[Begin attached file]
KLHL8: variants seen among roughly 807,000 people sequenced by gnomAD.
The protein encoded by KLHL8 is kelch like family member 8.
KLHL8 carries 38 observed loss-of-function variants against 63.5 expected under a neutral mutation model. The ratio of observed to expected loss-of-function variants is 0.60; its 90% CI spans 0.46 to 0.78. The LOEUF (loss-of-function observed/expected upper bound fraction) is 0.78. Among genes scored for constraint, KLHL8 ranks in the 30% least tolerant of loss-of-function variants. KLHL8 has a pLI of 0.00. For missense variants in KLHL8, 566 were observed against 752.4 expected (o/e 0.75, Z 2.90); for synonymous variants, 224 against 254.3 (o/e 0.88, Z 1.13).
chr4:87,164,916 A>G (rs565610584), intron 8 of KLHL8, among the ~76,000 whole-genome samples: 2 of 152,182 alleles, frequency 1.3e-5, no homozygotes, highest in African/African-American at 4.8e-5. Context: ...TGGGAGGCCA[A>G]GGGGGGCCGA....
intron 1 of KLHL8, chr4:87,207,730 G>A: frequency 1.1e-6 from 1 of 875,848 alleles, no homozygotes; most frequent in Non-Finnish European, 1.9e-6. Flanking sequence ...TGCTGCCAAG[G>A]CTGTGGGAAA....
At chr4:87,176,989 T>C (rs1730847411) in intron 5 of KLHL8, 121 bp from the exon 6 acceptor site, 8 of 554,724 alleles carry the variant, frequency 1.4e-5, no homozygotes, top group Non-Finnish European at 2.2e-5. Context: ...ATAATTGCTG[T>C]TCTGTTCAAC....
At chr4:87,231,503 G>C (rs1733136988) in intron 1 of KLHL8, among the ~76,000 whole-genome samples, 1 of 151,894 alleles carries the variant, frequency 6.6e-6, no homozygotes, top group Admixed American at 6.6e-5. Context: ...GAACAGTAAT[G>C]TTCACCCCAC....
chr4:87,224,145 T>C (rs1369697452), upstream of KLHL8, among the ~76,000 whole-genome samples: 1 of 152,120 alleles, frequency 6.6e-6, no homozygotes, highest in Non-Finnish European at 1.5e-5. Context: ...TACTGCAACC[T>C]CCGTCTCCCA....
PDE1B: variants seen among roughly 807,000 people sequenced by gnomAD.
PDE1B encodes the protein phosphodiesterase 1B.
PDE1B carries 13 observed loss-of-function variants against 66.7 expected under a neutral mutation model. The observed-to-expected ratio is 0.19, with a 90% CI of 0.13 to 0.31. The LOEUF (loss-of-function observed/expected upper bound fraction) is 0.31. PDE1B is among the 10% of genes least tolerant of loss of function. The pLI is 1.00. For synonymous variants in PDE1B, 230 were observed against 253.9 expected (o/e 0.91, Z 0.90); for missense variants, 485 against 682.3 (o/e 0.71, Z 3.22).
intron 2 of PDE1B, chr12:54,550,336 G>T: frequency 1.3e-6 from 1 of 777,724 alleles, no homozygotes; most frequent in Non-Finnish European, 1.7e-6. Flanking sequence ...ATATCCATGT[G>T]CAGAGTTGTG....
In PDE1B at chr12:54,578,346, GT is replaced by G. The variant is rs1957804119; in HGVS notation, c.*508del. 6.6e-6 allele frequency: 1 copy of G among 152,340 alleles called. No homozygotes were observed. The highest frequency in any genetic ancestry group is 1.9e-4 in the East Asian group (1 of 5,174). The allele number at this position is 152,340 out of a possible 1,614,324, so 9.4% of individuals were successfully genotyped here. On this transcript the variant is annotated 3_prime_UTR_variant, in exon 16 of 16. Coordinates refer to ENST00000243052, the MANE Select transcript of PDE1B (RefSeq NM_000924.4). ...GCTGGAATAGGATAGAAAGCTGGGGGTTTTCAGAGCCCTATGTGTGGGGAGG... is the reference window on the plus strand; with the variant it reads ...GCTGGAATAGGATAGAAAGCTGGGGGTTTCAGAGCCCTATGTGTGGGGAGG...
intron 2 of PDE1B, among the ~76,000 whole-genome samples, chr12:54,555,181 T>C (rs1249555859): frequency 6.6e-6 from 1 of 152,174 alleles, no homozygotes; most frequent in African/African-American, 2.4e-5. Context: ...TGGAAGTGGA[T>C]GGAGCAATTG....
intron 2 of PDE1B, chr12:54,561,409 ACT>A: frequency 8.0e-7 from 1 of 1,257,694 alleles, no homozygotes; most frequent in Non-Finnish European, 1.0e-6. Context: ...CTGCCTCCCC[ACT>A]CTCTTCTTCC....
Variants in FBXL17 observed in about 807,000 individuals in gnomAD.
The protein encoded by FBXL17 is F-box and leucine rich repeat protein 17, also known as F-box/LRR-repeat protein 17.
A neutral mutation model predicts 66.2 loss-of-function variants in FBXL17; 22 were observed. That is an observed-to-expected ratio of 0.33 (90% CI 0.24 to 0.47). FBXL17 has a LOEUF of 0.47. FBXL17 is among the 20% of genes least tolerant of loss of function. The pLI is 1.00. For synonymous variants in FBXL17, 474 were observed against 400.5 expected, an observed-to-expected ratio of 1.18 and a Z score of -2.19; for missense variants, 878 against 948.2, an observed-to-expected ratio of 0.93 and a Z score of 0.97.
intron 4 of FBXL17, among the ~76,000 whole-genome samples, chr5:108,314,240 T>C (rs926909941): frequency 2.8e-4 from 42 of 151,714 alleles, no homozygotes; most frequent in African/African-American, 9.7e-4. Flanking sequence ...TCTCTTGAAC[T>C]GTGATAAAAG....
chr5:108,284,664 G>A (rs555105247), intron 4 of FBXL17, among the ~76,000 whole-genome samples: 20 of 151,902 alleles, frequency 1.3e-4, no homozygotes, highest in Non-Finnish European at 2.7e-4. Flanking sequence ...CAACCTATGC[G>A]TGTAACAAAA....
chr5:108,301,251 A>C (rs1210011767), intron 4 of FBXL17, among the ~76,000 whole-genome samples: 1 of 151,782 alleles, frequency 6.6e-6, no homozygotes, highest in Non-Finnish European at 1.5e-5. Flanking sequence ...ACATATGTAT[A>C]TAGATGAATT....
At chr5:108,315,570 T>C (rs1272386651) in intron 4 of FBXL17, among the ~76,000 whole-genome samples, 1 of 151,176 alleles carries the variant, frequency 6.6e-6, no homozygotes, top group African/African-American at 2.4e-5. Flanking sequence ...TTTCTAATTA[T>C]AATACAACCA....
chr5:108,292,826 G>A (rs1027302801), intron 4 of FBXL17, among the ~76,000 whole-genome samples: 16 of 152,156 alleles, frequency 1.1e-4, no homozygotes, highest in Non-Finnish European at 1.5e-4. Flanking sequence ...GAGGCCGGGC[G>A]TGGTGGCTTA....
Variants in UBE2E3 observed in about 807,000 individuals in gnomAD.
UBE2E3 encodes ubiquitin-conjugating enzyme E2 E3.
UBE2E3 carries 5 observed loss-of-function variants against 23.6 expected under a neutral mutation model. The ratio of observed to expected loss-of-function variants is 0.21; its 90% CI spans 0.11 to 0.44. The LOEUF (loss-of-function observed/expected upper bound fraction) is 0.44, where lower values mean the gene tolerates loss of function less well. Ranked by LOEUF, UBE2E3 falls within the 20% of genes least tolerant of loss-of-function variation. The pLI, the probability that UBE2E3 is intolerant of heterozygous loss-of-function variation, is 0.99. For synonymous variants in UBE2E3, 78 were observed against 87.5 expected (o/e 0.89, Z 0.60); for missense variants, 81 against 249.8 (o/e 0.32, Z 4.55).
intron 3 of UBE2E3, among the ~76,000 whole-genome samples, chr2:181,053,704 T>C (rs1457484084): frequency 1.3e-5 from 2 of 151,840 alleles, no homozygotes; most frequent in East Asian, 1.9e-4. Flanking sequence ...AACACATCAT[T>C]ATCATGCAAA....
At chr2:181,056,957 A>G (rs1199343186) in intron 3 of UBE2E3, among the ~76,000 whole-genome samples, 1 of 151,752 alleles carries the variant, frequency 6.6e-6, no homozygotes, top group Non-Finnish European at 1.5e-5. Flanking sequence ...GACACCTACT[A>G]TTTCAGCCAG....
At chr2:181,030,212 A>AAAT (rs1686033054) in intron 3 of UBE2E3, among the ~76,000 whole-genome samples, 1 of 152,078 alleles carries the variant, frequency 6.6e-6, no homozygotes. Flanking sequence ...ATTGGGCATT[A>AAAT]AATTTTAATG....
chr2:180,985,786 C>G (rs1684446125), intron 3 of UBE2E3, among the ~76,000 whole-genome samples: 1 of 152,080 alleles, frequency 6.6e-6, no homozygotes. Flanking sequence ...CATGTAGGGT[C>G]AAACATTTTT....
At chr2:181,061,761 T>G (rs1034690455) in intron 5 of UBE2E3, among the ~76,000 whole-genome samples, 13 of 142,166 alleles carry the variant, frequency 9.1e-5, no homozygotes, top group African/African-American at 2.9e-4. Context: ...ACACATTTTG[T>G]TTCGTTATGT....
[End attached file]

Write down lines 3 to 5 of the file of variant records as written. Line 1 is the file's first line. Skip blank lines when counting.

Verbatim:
KLHL8 carries 38 observed loss-of-function variants against 63.5 expected under a neutral mutation model. The ratio of observed to expected loss-of-function variants is 0.60; its 90% CI spans 0.46 to 0.78. The LOEUF (loss-of-function observed/expected upper bound fraction) is 0.78. Among genes scored for constraint, KLHL8 ranks in the 30% least tolerant of loss-of-function variants. KLHL8 has a pLI of 0.00. For missense variants in KLHL8, 566 were observed against 752.4 expected (o/e 0.75, Z 2.90); for synonymous variants, 224 against 254.3 (o/e 0.88, Z 1.13).
chr4:87,164,916 A>G (rs565610584), intron 8 of KLHL8, among the ~76,000 whole-genome samples: 2 of 152,182 alleles, frequency 1.3e-5, no homozygotes, highest in African/African-American at 4.8e-5. Context: ...TGGGAGGCCA[A>G]GGGGGGCCGA....
intron 1 of KLHL8, chr4:87,207,730 G>A: frequency 1.1e-6 from 1 of 875,848 alleles, no homozygotes; most frequent in Non-Finnish European, 1.9e-6. Flanking sequence ...TGCTGCCAAG[G>A]CTGTGGGAAA....